Writers are neurotic messes. If you venture into creative endeavors, especially if you're crazy enough to try and live off whatever proceeds you can scrape up through said endeavors, then it's almost a requirement for you to be neurotic. In fact, it helps. Sometimes. I think.
Once you find the Holy Grail of the Search for Publication---an actual contract with an actual publisher who pays you actual money---a whole new set of neuroses is yours. Here's some of mine (I still suffer from most of these ... and yes, all writers probably need a brain scan. Or chocolate.):
* There are two Michele Bardsleys and they bought the other one's book, not mine, and at some point, someone will realize they've sent out the right contracts to the wrong person, and take it all back.
* Even though I signed the contract and sent it back, it's probably winding its way to a person who will realize I am the wrong Michele Bardsley, a terrible mistake has been made, and they will cancel everything.
*I haven't gotten the signing check, and NOW IT'S TOTALLY CONFIRMED that they're trying to figure out how to tell me they meant to give the contract and money to the other Michele Bardsley, who is obviously a BETTER WRITER and not a WHINER.
* I have the contracts and the signing money, so those suckers at the publishing house can't take back the deal or the cash. So now I have ... oh, shit. I have to write the book, and it has to be GOOD. No, GREAT.
* I'm mired in the book that is due in four ... er, two months and it's the crappiest crap of all crap ever. What was I thinking? I can't make a deadline. I can't write an ENTIRE BOOK based on my sucktastic concept. What was the PUBLISHER thinking?
* Even though I've managed to finish eleventy-whatever books just fine, this is the one I will fail to complete. The novel's stupid, anyway, and the middle is beyond awful. And so is the beginning. But not the end. Because I will never reach the end. I. Freaking. Suck.
* I reached the end, the book is done, my brain is fried, but, you know, the book is all right. Yeah. It's good. I can relax (oh, wait, another book is due). Note to self: Do not chew off nails waiting to hear back from the editor. Do not email your agent more than once a day to ask about revisions. Do not assume, ever, you won't have revisions because you're just that good. You're not that good. Just ask all those Amazon reviewers.
* Just got a huge revision email for the novel. Why did I think it was good? I should've realized that the heroine is unlikable, the action is implausible, the plot has Buick-sized holes, and ghosts can't sing. THEY CAN'T SING. Oh, and hey, it needs a few more words, too ... say 10,000 or so.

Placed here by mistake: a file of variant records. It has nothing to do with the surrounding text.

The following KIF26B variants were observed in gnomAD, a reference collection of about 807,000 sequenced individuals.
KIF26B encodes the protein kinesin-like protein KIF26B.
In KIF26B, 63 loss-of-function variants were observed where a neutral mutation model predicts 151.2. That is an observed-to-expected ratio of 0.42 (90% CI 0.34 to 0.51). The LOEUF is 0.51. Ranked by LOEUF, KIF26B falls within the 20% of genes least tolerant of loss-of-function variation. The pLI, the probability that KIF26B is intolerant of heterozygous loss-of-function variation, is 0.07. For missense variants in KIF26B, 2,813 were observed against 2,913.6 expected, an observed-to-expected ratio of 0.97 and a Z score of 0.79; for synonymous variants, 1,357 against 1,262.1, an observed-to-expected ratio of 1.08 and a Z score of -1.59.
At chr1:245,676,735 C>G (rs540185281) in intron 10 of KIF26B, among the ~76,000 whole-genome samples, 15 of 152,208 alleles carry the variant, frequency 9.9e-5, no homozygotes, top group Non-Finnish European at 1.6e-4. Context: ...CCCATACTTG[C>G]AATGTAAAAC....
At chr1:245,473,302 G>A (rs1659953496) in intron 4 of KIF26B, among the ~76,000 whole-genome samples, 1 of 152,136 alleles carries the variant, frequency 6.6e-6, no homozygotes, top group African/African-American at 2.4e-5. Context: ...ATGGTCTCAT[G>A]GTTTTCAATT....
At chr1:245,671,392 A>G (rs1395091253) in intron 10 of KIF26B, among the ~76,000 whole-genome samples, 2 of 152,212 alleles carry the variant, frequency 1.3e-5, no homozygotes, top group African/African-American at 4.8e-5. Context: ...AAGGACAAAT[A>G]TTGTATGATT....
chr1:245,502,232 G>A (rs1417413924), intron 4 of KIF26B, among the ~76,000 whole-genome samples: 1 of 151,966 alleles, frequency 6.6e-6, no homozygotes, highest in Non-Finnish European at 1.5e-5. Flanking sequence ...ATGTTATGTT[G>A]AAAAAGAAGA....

* Finished the revisions and the second set of revisions and did all those "few quick, tweaks", got through the copy edits without grinding my teeth down to nubs, read through the galleys, and now, miracle of miracles, the book is published. Even though I have placed a moratorium on reading my own Amazon reviews, a reader has emailed me about something someone said ... so now I have to go look. Why that pompous, ass-faced, motherf---. No. Nope. Uh-uh. Everyone's entitled to their opinions about my work. Even if their opinions suck.
Oh, yeah. This happens, people. Every time. Even if I manage to overcome the neuroses of one area, there springs forth a new place for doubt and fear to grow. By the time the book I've stressed out over (and over and over) finally hits shelves, I'm deep into the emotional mine field of a different project. Writers are really, really, really good at carving away at their own self-esteem and confidence (and we don't need the help of bloggers and reviewers, thanks).
Once you're published, there is a different crop of worries to cultivate: getting good sales numbers; trying to make bestseller lists; coming up with concepts that will ensure new contracts; promoting the upcoming release while trying to write the book that will come out a year and half from now; and getting paid. (There's always concerns about getting the publisher to cough up your moola.)
I've heard aspiring writers say, "I wish I had your problems." Hell, I've even said that to published authors when I was trying to get a foothold in this business. The point is that hey, you may have climbed one mountain, but in the distance, there's another one, bigger and more difficult to conquer. You know, like life. And doubt and fear can make you stumble or fall, or it can blind or immobilize you, or get you so lost, you want to curl up in a cave and cry yourself into a new reality.
So, writers have to make a choice: Let doubt and fear whittle away at the core of our passion for telling stories, or keep climbing the damned mountains no matter what. As long as you keep taking the steps, you'll get somewhere. It may not be exactly where you imagined when you started the journey, but it's different than from where you started. Keep going. Keep writing.
And tell doubt and fear to suck it.
(P.S. Check out Chuck Wendig's the Writer's Prayer AKA the Penmonkey's Paean.)